Library and Strange Values

I’m brand new to Arduino and the forum here so please excuse any grievous errors I might make. I have 3 questions/problems.

  1. How can I edit, or even just view, libraries that other people have made? I have downloaded libraries and looked at examples, but I’d like to see the generated functions. Which file do I open up for this, the .cpp, the .h, or am I just completely off?

  2. I’ve started some simple RGB color mixing that fades LEDs in and out in succession (which produces some really nice purples when the red and blue mix). I’m trying to toggle it on and off with a simple push button. I think I’ve mostly gotten it (even though I did use a newbie “goto” statement) but it won’t seem to turn off when I tell it to because I’m getting some odd push button values. I put in some serial prints to get an idea of what was happening and here is what I got:
    “Before reading:
    0
    0
    After reading:
    1
    0”

So I’m getting a one for the button reading when the button isn’t pressed. I thought it was a timing issue so I added a delay before the read of the button. I’m just trying to get my head around the whole LOOP format of Arduino since I’m used to MatLab and VBA scripting.

  1. Finally, I was thinking is there a way to interrupt the LOOP so that no matter when the button is pressed it will stop? I vaguely read something about this, but not to much avail. Currently I’m just polling constantly to see if the button is pushed.

The code should ideally operate as such. The button is pressed–>the lights turn on do their cool strobe action–>the button is pressed again (whenever)–>the lights turn off.

Here’s the code:

//This is to play around with RGB color LEDs

//Setup Pin Colors
#define RLED 9
#define GLED 6
#define BLED 5
#define BUTTON 7

signed long count=0;
int pushval=0;
int old_pushval=0;
int Rval=0;
int Gval=0;
int Bval=0;
int val;

void setup()
{
  pinMode(RLED, OUTPUT);
  pinMode(GLED, OUTPUT);
  pinMode(BLED, OUTPUT);
  pinMode(BUTTON, INPUT);
  Serial.begin(9600);
}
void loop()
{
  Serial.println("Before reading:");
  Serial.println(pushval);
  Serial.println(old_pushval);
  pushval=digitalRead(BUTTON);
  Serial.println("After reading:");
  Serial.println(pushval);
  Serial.println(old_pushval);
  if((pushval==0) && (old_pushval==1)){ //reset
    Serial.println("reset");
    pushval=1;
    old_pushval=0;
  }
  Serial.println(pushval);
  Serial.println(old_pushval);
  if((pushval==1) && (old_pushval==0)){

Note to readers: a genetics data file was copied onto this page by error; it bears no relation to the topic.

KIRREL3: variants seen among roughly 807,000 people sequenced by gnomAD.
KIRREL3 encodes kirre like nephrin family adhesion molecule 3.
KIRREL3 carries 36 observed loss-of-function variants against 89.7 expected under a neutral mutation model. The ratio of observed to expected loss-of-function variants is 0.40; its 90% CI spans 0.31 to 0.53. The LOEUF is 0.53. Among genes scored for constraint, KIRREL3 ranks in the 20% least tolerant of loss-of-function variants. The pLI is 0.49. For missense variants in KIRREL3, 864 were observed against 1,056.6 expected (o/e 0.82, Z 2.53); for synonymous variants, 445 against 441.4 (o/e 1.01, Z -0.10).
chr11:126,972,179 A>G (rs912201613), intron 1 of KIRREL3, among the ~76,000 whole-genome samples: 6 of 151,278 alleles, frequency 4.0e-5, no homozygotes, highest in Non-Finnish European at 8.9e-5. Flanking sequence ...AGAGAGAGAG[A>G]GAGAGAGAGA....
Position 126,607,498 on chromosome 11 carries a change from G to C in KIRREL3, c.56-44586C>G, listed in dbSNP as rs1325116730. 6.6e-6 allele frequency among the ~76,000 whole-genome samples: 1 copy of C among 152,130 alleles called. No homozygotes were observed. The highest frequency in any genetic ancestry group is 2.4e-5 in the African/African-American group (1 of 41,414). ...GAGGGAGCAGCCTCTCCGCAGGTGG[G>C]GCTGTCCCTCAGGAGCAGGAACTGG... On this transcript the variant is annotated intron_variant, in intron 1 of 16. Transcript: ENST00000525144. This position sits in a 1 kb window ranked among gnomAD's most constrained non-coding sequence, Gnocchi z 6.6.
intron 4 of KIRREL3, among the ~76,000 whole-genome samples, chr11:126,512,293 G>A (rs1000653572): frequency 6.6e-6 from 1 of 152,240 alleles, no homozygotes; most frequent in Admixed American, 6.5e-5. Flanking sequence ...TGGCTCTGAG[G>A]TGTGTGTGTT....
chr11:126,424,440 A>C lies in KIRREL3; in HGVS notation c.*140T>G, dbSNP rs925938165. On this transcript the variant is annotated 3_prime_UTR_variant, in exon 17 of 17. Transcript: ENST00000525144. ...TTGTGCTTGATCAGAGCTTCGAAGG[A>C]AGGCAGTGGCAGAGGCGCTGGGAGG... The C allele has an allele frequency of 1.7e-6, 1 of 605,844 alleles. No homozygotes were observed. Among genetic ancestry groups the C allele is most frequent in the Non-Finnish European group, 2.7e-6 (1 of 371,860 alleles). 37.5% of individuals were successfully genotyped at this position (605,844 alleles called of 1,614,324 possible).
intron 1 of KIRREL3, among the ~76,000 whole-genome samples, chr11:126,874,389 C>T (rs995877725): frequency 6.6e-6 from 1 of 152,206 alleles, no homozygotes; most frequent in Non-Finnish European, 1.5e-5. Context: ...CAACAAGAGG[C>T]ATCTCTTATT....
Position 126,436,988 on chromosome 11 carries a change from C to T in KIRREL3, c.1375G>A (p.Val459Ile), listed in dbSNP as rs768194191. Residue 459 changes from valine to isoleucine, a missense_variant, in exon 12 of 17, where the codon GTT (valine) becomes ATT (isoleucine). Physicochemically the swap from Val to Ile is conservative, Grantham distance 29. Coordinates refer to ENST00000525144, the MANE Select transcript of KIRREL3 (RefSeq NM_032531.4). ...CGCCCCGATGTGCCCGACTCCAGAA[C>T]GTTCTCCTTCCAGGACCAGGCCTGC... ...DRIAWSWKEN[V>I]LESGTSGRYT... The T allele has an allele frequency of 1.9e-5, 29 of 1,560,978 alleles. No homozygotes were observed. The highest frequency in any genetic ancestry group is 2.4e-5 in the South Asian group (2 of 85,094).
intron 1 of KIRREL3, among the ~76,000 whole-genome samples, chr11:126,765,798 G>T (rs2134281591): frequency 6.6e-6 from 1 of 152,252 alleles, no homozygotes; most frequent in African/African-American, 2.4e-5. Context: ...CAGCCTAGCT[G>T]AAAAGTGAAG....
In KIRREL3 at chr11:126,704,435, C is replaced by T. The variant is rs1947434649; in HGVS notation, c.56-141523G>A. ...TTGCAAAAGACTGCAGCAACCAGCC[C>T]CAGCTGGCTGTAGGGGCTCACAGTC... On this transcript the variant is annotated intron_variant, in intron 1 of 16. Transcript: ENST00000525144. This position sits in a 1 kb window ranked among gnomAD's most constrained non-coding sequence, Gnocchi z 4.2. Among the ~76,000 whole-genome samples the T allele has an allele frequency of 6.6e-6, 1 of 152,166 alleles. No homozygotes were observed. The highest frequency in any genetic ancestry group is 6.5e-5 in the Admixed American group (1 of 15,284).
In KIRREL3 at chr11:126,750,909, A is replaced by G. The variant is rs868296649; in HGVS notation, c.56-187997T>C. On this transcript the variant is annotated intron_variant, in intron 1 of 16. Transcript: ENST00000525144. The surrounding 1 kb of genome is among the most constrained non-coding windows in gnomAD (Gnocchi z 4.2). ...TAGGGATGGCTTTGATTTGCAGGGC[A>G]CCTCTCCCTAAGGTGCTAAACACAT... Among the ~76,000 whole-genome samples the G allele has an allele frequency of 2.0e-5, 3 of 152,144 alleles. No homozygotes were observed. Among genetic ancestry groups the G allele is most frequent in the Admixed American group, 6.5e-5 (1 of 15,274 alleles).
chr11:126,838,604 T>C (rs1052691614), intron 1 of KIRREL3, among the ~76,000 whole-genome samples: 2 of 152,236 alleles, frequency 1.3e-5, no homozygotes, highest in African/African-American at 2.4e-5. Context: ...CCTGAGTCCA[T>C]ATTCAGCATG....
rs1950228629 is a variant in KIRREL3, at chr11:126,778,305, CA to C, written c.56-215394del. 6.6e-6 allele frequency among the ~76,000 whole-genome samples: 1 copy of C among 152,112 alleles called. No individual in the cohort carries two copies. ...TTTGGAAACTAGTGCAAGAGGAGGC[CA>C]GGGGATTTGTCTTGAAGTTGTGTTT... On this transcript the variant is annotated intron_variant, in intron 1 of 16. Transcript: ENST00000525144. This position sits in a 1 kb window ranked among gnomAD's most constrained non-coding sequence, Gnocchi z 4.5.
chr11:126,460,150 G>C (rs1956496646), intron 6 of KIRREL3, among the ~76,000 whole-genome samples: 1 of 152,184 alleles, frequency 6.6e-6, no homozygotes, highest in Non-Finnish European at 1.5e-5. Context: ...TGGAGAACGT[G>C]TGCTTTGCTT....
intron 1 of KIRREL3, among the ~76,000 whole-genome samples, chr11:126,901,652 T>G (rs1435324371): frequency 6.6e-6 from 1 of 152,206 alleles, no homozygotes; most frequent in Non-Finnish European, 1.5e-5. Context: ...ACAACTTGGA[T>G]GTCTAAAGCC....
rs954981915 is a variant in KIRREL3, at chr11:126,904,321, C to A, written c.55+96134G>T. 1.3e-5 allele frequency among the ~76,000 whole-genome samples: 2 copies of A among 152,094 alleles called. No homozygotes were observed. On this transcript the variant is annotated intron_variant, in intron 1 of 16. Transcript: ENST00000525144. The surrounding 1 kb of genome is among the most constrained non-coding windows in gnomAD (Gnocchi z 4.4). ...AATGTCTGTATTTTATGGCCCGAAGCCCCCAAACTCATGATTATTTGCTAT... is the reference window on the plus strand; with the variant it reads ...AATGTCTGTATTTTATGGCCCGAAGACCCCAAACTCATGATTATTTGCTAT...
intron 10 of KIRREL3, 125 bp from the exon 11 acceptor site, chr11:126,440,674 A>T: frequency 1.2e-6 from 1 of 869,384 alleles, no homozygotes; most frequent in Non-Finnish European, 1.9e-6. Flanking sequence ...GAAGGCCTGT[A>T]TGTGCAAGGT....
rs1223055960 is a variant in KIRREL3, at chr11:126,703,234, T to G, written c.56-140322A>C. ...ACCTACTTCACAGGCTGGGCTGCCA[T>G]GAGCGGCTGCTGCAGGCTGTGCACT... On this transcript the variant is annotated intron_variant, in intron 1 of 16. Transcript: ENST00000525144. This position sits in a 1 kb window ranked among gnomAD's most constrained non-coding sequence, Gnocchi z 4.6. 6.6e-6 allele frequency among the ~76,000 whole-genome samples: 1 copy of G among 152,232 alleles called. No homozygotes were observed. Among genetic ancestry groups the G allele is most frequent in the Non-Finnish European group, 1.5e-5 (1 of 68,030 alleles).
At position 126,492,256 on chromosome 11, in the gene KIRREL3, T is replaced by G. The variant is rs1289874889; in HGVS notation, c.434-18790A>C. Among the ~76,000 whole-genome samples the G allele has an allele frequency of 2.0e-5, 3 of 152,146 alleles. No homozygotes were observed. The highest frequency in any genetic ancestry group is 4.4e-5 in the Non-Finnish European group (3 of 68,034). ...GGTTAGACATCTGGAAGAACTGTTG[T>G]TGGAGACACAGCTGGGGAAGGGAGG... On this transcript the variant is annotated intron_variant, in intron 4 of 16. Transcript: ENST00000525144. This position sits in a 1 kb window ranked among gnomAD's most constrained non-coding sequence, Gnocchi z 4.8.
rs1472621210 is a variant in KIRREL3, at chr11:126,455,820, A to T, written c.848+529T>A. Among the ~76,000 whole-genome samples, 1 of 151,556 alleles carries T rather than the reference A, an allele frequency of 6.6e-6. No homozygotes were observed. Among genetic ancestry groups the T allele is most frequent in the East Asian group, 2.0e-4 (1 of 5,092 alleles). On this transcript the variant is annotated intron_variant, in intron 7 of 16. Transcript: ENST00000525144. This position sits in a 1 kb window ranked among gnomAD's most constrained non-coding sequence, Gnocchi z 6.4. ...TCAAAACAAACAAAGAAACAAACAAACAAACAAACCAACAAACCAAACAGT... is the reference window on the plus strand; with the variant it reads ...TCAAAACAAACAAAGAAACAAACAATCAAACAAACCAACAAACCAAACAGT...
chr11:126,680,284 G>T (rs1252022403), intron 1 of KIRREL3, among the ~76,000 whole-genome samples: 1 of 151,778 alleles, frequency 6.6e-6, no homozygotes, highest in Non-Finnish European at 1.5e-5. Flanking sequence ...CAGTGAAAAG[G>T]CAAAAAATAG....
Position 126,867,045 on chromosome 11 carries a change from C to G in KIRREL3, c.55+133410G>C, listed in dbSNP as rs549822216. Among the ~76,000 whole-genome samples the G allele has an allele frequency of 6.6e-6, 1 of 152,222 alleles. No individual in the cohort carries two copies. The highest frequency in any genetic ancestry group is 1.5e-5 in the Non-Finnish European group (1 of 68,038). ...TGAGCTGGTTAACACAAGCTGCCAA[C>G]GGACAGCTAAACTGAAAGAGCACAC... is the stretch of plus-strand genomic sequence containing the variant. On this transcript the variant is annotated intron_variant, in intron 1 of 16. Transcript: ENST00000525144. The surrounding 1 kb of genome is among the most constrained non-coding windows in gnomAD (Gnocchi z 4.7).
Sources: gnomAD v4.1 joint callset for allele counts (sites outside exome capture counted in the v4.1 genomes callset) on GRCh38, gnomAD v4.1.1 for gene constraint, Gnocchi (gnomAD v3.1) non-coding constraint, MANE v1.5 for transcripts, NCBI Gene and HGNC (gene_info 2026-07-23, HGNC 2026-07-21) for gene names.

Serial.println("Initialized");
    Rval=255;
    Gval=0;
    Bval=0;
    analogWrite(BLED,Bval);
    for(Rval=255;Gval<255;){
      if(digitalRead(BUTTON)==HIGH){
        pushval=0;
        old_pushval=0;
        goto escape;
      }
      analogWrite(RLED, Rval);
      analogWrite(GLED, Gval);
      Rval=Rval-1;
      Gval=Gval+1;
      delay(2);
    }
    analogWrite(RLED,Rval);
    for(Gval=255; Bval<255;){
      if(digitalRead(BUTTON)==HIGH){
        pushval=0;
        old_pushval=0;
        goto escape;
      }
      analogWrite(GLED, Gval);
      analogWrite(BLED, Bval);
      Gval=Gval-1;
      Bval=Bval+1;
      delay(2);
    }
    analogWrite(GLED,Gval);
    for(Bval=255;Rval<255;){
      if(digitalRead(BUTTON)==HIGH){
        pushval=0;
        old_pushval=0;
        goto escape;
      }
      analogWrite(BLED, Bval);
      analogWrite(RLED, Rval);
      Bval=Bval-1;
      Rval=Rval+1;
      delay(2);
    }
    count=count+1;
    Serial.println(count);
  }

  old_pushval=pushval;

  escape:
    if(old_pushval==0&&pushval==0&&count>0){
      Serial.println("Escaped");
      Serial.println(pushval);
      Serial.println(old_pushval);
      val=0;
      analogWrite(RLED, val);
      analogWrite(BLED, val);
      analogWrite(GLED, val);
      count=0;
      delay(50);
    }
}

It’s really simple, I know, but I just got Arduino yesterday. Thanks for your help!

I'd like to see the generated functions

Not sure what you mean by "generated", but the source is in the .cpp files.

"goto" statment

Go to the naughty step, and don't leave until you have said that you're sorry, and that you won't use that word ever again.

All you have to remember about "loop" is that as soon as you return from it, either explicitly by executing a "return" or by falling through to the bottom of the function, is that "loop" is called again immediately.

If you want to stop, you have to put your own infinite loop inside "loop()", or do everything including your "stop" inside "setup".

I had been using "break" before. "return" makes much more sense. Hopefully Arduino can forgive me for making it "goto" somewhere.

And I can now read libraries.

Thanks a lot for the reply!